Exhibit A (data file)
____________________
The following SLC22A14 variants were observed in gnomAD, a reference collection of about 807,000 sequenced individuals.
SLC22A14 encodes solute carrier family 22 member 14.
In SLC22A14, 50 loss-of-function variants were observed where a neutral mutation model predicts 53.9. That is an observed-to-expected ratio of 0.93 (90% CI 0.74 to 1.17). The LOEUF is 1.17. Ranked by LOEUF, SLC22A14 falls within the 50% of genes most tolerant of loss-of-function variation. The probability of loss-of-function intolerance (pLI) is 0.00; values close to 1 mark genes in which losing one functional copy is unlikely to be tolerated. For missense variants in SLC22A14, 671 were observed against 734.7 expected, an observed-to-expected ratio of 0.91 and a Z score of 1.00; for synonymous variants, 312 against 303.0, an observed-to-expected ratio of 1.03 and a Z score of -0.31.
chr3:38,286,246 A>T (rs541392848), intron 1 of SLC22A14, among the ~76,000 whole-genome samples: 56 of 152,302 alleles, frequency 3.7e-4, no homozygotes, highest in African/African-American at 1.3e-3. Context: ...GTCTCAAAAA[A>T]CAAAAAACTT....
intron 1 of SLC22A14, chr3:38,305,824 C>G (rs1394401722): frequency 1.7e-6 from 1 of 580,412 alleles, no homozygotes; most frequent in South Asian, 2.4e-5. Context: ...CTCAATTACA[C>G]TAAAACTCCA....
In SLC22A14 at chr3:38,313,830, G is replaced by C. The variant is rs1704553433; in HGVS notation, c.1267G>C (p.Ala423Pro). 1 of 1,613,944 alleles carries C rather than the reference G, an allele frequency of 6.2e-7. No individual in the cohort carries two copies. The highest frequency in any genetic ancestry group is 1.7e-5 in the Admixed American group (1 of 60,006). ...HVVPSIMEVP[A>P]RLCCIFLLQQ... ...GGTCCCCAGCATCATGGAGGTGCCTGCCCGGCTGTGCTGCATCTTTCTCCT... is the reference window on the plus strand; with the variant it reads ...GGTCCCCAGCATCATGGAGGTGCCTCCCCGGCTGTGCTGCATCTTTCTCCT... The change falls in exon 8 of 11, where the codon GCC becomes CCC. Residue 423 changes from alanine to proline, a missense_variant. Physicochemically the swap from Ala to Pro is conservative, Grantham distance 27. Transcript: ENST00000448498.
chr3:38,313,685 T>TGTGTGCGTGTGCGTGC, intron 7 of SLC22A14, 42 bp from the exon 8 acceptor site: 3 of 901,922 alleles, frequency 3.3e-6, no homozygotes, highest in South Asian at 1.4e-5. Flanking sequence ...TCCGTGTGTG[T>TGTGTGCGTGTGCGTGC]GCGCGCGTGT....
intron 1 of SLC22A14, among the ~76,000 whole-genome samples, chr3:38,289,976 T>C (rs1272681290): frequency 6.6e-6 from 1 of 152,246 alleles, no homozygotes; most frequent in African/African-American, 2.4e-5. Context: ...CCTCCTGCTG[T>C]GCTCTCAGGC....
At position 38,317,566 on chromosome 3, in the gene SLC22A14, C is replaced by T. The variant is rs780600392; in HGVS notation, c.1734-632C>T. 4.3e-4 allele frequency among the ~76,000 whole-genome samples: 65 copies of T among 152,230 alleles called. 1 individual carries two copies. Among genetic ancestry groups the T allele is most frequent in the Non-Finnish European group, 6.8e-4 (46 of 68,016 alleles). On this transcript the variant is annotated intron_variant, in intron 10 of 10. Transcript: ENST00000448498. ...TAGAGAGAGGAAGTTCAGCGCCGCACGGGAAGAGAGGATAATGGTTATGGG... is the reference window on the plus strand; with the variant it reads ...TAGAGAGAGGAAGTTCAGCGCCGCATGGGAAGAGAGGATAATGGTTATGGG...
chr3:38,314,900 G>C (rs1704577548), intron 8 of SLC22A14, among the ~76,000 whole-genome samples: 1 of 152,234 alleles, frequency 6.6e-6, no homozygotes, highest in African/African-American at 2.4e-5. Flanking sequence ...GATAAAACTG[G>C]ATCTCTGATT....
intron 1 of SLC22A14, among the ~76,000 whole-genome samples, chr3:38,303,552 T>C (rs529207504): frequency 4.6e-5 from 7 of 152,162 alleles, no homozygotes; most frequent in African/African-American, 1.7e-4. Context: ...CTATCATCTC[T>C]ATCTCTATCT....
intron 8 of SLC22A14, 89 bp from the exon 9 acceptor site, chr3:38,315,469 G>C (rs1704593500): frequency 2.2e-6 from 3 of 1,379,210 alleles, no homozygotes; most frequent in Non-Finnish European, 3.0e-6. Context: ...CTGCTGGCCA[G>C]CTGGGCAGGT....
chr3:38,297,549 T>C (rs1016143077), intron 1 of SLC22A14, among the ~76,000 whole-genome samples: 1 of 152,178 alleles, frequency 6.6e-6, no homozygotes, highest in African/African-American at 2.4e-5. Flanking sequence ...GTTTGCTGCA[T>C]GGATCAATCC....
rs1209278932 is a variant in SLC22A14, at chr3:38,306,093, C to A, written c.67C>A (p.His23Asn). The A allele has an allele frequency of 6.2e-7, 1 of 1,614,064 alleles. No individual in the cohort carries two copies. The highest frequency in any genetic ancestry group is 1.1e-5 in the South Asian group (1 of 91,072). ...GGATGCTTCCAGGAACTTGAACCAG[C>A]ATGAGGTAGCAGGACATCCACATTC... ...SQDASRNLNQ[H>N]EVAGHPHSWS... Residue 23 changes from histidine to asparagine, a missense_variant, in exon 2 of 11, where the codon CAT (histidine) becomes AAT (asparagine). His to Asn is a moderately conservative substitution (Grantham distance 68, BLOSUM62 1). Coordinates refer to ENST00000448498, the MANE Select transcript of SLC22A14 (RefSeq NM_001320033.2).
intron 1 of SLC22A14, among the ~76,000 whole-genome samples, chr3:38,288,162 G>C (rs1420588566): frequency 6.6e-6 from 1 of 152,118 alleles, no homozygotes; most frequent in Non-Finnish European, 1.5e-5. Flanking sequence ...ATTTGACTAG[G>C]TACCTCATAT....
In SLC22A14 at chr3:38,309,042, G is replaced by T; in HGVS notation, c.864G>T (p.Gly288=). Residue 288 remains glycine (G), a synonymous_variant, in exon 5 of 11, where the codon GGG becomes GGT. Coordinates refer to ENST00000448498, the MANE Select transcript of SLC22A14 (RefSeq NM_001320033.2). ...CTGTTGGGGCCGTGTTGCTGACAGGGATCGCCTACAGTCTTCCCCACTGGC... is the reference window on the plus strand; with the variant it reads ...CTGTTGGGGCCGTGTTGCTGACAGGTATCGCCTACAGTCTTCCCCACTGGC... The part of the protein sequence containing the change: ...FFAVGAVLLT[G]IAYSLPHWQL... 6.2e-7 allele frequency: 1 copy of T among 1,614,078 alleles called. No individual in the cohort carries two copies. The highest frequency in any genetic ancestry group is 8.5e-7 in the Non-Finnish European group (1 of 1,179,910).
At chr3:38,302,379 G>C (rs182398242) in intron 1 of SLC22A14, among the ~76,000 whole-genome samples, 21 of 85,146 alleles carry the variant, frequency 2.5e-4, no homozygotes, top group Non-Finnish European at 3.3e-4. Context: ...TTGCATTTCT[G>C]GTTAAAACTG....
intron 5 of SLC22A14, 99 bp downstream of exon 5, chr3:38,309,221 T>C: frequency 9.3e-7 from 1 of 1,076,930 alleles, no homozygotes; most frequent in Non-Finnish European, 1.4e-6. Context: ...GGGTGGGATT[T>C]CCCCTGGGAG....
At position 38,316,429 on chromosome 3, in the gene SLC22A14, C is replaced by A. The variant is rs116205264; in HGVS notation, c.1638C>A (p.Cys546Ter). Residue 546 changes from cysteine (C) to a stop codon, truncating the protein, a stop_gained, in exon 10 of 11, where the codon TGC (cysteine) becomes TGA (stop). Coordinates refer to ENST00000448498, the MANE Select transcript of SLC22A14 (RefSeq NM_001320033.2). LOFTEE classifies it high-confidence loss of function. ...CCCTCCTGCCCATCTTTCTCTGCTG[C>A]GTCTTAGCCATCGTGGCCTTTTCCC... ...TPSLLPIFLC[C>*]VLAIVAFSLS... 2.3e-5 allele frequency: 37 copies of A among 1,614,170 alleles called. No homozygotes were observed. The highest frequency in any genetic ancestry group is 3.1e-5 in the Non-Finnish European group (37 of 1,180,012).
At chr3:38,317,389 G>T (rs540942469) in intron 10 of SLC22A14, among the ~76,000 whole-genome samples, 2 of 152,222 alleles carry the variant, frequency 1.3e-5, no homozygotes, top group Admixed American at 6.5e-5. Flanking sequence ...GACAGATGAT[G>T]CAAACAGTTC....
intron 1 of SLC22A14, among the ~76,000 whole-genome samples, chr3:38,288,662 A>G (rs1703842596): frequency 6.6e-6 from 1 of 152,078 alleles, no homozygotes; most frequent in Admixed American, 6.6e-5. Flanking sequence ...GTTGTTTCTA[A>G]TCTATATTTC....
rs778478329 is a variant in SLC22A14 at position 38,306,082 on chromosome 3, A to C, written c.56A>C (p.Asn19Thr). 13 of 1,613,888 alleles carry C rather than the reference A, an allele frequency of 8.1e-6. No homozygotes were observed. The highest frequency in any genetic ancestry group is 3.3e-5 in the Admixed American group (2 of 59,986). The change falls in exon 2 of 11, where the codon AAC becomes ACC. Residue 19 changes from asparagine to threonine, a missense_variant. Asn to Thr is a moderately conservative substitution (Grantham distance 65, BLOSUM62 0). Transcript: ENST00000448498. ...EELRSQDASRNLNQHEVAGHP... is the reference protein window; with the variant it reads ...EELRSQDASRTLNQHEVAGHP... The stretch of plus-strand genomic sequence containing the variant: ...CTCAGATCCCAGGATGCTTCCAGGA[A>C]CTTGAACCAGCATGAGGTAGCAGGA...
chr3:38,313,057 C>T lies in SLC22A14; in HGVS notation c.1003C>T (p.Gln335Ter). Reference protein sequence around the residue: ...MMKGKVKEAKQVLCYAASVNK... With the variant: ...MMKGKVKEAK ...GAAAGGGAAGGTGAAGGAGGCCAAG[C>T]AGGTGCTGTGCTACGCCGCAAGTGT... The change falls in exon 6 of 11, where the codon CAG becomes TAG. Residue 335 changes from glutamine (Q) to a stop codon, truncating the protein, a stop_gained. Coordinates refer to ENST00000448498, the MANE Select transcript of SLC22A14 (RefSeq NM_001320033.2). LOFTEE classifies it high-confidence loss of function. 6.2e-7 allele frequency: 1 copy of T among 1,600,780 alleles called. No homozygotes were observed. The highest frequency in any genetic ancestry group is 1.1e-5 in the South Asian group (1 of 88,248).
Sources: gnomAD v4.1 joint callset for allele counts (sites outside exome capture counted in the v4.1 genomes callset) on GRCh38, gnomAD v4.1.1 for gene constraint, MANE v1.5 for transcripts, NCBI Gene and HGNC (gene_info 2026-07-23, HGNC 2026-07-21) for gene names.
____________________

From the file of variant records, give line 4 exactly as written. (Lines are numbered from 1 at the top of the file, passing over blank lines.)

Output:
chr3:38,286,246 A>T (rs541392848), intron 1 of SLC22A14, among the ~76,000 whole-genome samples: 56 of 152,302 alleles, frequency 3.7e-4, no homozygotes, highest in African/African-American at 1.3e-3. Context: ...GTCTCAAAAA[A>T]CAAAAAACTT....